Peace Research Institute Oslo (PRIO)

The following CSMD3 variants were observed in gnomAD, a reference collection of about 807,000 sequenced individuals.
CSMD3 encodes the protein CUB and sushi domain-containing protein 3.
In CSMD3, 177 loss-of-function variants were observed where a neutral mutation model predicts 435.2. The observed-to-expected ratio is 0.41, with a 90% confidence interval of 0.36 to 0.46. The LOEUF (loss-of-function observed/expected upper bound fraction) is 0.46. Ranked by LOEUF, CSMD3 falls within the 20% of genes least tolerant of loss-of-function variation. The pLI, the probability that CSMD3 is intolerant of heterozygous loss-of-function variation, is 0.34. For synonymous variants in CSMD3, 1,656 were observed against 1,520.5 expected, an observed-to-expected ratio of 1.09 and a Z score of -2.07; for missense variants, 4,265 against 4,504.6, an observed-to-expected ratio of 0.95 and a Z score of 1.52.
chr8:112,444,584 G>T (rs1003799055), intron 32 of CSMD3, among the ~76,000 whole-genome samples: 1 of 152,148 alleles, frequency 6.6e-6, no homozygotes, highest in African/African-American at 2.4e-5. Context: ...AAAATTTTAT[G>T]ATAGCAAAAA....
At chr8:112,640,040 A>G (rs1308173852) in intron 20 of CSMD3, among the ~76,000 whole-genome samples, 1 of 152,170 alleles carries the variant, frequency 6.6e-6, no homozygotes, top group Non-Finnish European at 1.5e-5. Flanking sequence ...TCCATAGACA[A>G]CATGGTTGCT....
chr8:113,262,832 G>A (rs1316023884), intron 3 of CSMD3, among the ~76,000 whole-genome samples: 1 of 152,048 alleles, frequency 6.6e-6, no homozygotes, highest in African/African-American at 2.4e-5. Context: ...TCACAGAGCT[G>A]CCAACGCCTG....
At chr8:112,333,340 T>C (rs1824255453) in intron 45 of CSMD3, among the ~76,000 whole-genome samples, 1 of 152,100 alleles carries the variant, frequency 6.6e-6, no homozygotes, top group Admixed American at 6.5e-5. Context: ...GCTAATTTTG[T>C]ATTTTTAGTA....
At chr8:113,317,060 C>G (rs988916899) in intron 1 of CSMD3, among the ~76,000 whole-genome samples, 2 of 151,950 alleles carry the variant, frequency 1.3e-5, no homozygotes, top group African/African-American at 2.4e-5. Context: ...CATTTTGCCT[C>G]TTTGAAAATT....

The literature on election violence has grown immensely in the past decade and has become its own little subfield within conflict research. Great strides have been made when it comes to conceptualizing, measuring and explaining the phenomenon. Birch offers a new contribution to this literature, seeking to provide a global mapping of patterns in electoral violence since the Second World War as well as new explanations for it. Birch explains election violence in terms of strategic incentives and how they relate to power structures in society. For example, in countries where power is linked to informal corruption networks, this raises the stakes of elections and makes informal violent sanctions of corrupt election practices necessary, thus further increasing election violence. Birch tests this argument in several ways. She conducts global cross-national regressions where she finds evidence consistent with the main implications of her theory, including a finding that strong democracies and less corrupt regimes have lower levels of electoral violence. She bolsters her argument with a number of case studies of countries such as Ghana, Belarus, Kyrgyzstan, Paraguay and Cote d'Ivoire. The book also delves into a number of additional implications of the theory relating to who conducts electoral violence and what type of violence, as well as state reactions. All in all, the book offers a comprehensive and compelling study of electoral violence. It should become a standard reference. Birch makes a strong case that we need to consider the institutional incentives for electoral violence in order to curb its use, and that such efforts need to target both formal and informal institutions.